If every person in Santa Fe who downloads the app convinces two others to do the same, it will be successful, Loh said. The idea, he said, is to take the concept of viral replication and turn it back against the virus itself.

Rich Brown, director of community and economic development for the city, said in a statement Santa Fe officials are currently looking into the ways they could use the technology to battle the COVID-19 crisis. 

After downloading the app —  information can be found at — residents should enter the code "SANTAFE" in the settings page to join the Santa Fe community within the system.

Meanwhile, the city is in the process of unveiling a vaccine distribution plan. State health officials submitted their 60-page vaccine distribution blueprint to the Centers for Disease Control and Prevention in October, though they didn't have a target date for when a vaccine might be available to the general public.

Webber said City Manager Jarel LaPan Hill was meeting with other city officials Monday to discuss the city's vaccination distribution plan. City spokesman David Herndon did not offer other details about the plan, which he said is still being developed.

Health officials have expressed confidence in surmounting obstacles for distributing the vaccine across New Mexico, but have acknowledged in the distribution plan that the state has unique challenges, including a rural and far-flung population served by sparse health services and facilities.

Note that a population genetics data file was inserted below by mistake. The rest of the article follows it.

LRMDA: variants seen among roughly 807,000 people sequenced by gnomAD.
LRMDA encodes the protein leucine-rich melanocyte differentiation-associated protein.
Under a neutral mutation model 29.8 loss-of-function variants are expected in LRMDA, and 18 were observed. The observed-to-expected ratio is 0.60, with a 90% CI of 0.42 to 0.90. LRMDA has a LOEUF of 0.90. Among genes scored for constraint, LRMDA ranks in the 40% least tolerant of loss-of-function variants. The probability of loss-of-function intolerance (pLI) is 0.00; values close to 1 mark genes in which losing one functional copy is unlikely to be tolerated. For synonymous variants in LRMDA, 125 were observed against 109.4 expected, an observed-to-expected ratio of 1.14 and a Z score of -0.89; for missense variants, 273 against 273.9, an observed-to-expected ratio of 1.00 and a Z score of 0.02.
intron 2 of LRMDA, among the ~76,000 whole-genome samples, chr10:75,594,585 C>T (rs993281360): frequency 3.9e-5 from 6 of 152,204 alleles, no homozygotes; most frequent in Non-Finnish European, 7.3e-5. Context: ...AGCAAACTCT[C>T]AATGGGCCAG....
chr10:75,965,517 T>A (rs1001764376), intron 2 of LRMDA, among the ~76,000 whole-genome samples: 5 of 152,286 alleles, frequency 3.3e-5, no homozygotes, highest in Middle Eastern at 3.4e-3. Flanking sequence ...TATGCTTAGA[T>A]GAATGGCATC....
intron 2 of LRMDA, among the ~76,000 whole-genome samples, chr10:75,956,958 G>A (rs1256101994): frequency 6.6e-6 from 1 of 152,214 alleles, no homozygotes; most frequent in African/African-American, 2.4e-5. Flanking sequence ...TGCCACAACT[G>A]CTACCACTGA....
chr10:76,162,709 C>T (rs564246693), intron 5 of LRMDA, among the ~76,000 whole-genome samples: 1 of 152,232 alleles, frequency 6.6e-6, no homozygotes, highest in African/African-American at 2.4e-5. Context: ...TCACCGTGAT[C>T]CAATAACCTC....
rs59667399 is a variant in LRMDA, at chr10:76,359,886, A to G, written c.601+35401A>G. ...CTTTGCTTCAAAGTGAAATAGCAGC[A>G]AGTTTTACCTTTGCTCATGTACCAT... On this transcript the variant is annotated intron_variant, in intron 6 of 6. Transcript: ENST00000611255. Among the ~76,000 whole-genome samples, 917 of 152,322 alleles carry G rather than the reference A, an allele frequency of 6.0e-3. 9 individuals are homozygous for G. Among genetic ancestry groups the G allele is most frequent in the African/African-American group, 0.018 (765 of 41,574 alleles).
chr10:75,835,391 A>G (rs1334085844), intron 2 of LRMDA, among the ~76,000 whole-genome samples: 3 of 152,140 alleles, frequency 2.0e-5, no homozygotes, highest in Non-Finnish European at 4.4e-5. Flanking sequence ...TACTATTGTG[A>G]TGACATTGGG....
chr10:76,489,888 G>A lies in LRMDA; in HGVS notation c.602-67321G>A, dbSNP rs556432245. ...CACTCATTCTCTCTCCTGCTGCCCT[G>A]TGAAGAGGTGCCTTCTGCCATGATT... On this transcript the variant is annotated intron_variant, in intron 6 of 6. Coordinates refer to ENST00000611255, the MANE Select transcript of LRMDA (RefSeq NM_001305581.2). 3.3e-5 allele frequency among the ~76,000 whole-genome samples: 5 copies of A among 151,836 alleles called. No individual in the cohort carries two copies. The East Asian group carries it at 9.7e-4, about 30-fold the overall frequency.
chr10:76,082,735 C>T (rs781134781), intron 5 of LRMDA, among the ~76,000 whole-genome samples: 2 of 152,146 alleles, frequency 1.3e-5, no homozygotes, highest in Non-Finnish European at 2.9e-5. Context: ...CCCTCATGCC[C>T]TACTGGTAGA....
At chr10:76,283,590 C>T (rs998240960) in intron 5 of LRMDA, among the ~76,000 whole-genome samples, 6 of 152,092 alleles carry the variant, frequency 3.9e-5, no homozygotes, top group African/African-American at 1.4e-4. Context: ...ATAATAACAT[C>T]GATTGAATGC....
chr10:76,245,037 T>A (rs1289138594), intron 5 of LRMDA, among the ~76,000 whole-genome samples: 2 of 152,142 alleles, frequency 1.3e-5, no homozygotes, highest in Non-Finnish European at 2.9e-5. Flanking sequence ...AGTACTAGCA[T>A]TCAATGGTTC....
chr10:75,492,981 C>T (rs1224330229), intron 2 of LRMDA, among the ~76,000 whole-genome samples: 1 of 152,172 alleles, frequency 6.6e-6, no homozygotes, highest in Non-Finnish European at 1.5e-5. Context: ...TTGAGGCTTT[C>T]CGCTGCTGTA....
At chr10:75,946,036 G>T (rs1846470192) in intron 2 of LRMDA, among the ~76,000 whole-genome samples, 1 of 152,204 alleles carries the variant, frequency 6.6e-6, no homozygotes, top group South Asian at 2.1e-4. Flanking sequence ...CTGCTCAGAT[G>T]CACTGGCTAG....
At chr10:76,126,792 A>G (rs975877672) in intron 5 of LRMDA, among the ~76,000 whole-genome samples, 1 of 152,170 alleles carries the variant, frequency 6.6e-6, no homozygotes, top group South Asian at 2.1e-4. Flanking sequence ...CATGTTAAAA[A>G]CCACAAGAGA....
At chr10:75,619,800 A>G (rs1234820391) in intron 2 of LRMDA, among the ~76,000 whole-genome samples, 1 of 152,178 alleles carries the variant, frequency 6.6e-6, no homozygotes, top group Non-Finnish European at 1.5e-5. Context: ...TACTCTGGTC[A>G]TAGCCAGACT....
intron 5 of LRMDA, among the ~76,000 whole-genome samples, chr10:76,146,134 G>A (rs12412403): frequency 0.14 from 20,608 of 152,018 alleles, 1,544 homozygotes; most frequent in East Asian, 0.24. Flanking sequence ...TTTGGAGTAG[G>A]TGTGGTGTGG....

(8) comments

Lee Vigil

It's an interesting idea, but in order to track your network, your network - friends, family, coworkers, etc. would have to register and download the app, otherwise, you have spotty coverage. I'm skeptical given that everyone in your network would have to opt in in order for the app to be reliable. There are already comments in this newspapers below about folks who don't trust the app re: privacy, etc. Does that also mean someone would have to maintain the app - update their own status? I'm not so sure about claims of anonymity either. If someone comes close to you who's positive, and you get an alert, wouldn't their identity be revealed?

Lee DiFiore

This sounds like a wonderful idea. NOT! Let the government track your movements, friends and who you have contact with? OK I guess if you trust the government. Yeah, right.

Chris Mechels

As usual with Webber the PR outruns the facts, and his ignorance is on display. For instance his reference to this app as a "radar detecting system". Is the app going to detect radar?? In fact it has nothing to do with radar of course. Alan, knowing nothing of radar, and apps, is just doing the Alan buzzzzzz...